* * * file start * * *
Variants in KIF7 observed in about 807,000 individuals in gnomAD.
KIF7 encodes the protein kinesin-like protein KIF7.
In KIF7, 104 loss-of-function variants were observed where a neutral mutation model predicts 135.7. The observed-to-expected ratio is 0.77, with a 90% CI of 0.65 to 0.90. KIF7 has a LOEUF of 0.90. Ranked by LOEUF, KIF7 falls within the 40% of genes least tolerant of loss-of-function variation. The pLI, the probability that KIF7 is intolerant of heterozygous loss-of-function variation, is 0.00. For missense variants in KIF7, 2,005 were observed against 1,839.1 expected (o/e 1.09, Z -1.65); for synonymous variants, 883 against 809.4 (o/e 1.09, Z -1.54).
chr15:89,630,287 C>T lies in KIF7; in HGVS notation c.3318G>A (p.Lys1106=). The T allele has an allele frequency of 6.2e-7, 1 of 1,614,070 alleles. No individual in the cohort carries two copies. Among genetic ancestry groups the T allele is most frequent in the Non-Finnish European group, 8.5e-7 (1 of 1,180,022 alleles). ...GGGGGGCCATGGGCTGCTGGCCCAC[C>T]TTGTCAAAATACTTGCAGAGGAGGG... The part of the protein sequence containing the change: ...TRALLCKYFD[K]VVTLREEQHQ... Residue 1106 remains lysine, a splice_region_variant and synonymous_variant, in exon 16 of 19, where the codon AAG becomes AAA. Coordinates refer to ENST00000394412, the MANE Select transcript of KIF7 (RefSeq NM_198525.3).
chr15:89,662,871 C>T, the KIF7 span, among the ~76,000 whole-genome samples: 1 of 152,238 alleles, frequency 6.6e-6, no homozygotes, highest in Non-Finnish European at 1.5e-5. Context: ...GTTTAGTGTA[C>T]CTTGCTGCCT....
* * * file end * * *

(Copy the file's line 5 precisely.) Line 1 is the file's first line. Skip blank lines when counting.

chr15:89,662,871 C>T, the KIF7 span, among the ~76,000 whole-genome samples: 1 of 152,238 alleles, frequency 6.6e-6, no homozygotes, highest in Non-Finnish European at 1.5e-5. Context: ...GTTTAGTGTA[C>T]CTTGCTGCCT....